The actuarial data provide both sides with plenty of ammunition. Apparently using the same statistics, two interpretations emerge: NOW says the average woman spends in her lifetime about $16,000 more than the average man for auto, life, disability, pensions, and annuities; insurance groups say the average woman pays $8,000 less.
The American Academy of Actuaries (AAA), a trade group for those who calculate insurance risks, concluded in a study on the economic impact of unisex ratings that women as a group would pay over $1 billion more annually for all types of insurance than they do now and men would pay $515 million less. Low-risk individuals would have to subsidize the costs normally charged to high risks, the group suggests.
The industry's most heated objections are over the impact of retroactive implementation on retirement plans. The federal bills require insurers to equalize pension and annuity contracts at the highest benefit level of each class - not just for those still paying into programs, but on existing plans that are already paying out to retirees.
''By doing this you have to provide insurance you didn't collect premiums to provide,'' says Stephen Kellison, executive director of the AAA. In public retirement systems, the extra costs could amount to billions of dollars that would have to come from state funds, he says, and insurance companies would have to make up for it in individual programs with higher rates in newer contracts.
Results of unisex auto insurance pricing in other states are mixed. But the industry points to an automatic increase in young women's rates. And, says George Bernstein, an attorney for several major insurers, if insurance companies can't charge the high risks more money, then market forces will cause insurers to avoid the high risks and accept only the lower risks.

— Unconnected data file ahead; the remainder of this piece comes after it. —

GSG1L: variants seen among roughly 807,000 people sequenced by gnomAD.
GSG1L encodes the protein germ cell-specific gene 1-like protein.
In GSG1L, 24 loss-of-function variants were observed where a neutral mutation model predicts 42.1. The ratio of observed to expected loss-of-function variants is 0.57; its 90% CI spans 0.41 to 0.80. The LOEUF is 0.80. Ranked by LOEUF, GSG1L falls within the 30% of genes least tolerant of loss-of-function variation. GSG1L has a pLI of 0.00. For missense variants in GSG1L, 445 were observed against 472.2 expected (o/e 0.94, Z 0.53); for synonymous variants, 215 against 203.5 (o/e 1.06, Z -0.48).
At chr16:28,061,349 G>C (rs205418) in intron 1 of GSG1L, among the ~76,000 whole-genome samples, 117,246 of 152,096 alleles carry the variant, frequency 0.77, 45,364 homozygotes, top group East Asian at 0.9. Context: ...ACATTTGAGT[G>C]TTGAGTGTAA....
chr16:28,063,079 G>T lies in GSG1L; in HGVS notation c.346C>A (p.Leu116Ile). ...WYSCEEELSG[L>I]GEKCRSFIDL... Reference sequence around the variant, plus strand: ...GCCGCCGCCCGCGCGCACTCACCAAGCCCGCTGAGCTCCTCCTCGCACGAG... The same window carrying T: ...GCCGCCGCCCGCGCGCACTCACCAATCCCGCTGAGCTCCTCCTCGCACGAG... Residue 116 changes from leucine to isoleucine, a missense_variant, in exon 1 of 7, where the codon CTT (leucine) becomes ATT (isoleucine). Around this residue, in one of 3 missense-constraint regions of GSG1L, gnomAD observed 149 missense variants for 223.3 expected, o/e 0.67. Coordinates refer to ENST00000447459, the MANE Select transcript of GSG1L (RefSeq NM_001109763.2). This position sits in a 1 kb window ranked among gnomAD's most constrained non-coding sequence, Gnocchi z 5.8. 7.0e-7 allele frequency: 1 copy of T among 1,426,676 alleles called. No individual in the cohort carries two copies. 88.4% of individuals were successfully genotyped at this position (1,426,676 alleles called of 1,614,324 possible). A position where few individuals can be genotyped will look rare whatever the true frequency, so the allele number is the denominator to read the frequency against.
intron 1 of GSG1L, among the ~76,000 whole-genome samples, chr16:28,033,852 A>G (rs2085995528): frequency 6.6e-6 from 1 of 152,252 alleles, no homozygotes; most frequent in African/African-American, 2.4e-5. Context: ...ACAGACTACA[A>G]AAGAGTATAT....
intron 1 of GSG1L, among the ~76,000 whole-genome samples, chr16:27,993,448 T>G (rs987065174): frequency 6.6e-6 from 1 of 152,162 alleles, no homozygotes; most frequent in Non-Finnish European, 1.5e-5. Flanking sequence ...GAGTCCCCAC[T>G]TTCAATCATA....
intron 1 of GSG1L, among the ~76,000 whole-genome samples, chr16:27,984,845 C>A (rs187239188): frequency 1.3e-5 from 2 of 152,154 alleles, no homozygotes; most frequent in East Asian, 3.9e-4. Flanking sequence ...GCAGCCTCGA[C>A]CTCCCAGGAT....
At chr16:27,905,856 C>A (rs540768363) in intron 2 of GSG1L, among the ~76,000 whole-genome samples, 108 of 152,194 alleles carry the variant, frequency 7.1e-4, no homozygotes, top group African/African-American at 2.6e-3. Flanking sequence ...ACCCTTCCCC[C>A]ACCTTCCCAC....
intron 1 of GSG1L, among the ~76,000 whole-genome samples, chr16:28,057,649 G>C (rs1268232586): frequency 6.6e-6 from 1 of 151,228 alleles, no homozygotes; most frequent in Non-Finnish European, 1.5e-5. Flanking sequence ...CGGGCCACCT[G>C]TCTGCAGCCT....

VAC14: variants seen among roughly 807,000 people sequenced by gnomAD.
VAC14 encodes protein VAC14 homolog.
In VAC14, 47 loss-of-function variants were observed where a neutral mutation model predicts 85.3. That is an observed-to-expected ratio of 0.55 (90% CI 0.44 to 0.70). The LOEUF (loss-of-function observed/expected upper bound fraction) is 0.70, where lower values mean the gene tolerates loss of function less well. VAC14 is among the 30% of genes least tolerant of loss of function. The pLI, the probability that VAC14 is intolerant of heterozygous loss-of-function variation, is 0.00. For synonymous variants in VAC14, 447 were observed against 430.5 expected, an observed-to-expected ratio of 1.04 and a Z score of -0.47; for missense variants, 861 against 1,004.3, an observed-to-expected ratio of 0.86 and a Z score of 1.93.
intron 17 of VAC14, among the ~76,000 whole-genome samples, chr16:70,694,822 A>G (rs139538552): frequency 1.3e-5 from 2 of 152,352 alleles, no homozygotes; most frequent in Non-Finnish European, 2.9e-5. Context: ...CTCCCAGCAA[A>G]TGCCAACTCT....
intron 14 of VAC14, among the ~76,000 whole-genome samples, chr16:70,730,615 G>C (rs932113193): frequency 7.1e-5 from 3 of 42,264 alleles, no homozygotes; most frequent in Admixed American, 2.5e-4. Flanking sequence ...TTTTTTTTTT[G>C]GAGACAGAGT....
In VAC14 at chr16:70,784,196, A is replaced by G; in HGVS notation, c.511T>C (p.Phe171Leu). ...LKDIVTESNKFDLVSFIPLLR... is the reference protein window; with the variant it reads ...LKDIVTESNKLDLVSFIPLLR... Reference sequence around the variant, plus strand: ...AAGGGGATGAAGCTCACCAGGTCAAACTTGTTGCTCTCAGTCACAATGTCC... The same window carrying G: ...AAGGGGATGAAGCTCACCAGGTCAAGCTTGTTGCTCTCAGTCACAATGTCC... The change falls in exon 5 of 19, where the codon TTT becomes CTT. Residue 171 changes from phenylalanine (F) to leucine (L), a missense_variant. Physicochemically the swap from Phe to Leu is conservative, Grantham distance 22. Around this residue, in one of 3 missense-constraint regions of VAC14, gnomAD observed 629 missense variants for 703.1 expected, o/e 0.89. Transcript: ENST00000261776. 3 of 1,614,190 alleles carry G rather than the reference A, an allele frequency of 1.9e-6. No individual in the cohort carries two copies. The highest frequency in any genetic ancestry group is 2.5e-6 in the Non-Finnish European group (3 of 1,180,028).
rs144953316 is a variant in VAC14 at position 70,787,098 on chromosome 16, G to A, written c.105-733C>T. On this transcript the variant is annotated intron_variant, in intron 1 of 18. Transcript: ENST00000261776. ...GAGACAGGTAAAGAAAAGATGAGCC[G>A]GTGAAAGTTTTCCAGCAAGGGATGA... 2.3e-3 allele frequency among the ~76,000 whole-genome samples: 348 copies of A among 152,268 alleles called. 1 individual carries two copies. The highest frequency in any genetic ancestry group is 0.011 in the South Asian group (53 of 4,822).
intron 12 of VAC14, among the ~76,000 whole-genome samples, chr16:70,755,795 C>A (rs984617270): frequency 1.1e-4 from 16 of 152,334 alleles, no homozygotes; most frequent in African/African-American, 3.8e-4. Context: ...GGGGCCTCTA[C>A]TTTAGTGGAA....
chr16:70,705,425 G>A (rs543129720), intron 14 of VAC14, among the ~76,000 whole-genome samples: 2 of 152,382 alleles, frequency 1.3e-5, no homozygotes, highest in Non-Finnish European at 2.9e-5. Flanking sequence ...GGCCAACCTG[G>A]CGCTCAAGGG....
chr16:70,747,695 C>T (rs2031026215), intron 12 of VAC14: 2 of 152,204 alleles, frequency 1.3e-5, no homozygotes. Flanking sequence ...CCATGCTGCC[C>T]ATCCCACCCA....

In states like Massachussetts, there was an increase in the number of uninsurable drivers with the passage of the unisex law. But, notes an Insurance Services Office official, unisex laws in that state were passed simultaneously with age and geographic distinctions that would affect the results, too.
NOW's Ms. Goldsmith concludes that sex-based actuarial data is used to justify profits.
But insurance companies are in business to make a profit, says Andrew Tobias, author of ''The Invisible Bankers,'' a book critical of the insurance business. He says the business is competitive enough that if unisex pricing was workable, it would likely spur an upstart company to offer competitive unisex rates.
Estimated impact of unisex rates on premiums (Percentage change) Male Male Male Female Female Female Type of insurance Age 20 Age 40 Age 65 Age 20 Age 40 Age 65 Life insurance -2% -3% N/A +6% +11% N/A Health insurance: Medical expense +56% +13% 0 +14% -6% 0 Disability +24% +2% 0 -6% -21% 0 Auto insurance -20% 0 0 +37% 0 0 Individual annuities +6% +6% +6% -6% -6% -6% Source: American Academy of Actuaries